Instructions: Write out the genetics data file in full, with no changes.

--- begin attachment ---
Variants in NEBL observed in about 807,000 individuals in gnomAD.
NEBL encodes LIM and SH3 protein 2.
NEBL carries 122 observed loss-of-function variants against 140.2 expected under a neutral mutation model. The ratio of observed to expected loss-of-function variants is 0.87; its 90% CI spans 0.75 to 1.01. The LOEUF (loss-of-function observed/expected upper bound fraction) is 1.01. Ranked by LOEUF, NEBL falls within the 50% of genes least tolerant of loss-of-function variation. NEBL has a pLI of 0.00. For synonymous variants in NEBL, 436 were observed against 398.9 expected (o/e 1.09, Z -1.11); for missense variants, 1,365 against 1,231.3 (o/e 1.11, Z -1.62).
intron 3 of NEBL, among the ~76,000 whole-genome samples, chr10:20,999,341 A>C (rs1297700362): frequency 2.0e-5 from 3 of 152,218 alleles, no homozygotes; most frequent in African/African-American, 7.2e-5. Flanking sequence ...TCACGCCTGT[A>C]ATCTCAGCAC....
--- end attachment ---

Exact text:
Variants in NEBL observed in about 807,000 individuals in gnomAD.
NEBL encodes LIM and SH3 protein 2.
NEBL carries 122 observed loss-of-function variants against 140.2 expected under a neutral mutation model. The ratio of observed to expected loss-of-function variants is 0.87; its 90% CI spans 0.75 to 1.01. The LOEUF (loss-of-function observed/expected upper bound fraction) is 1.01. Ranked by LOEUF, NEBL falls within the 50% of genes least tolerant of loss-of-function variation. NEBL has a pLI of 0.00. For synonymous variants in NEBL, 436 were observed against 398.9 expected (o/e 1.09, Z -1.11); for missense variants, 1,365 against 1,231.3 (o/e 1.11, Z -1.62).
intron 3 of NEBL, among the ~76,000 whole-genome samples, chr10:20,999,341 A>C (rs1297700362): frequency 2.0e-5 from 3 of 152,218 alleles, no homozygotes; most frequent in African/African-American, 7.2e-5. Flanking sequence ...TCACGCCTGT[A>C]ATCTCAGCAC....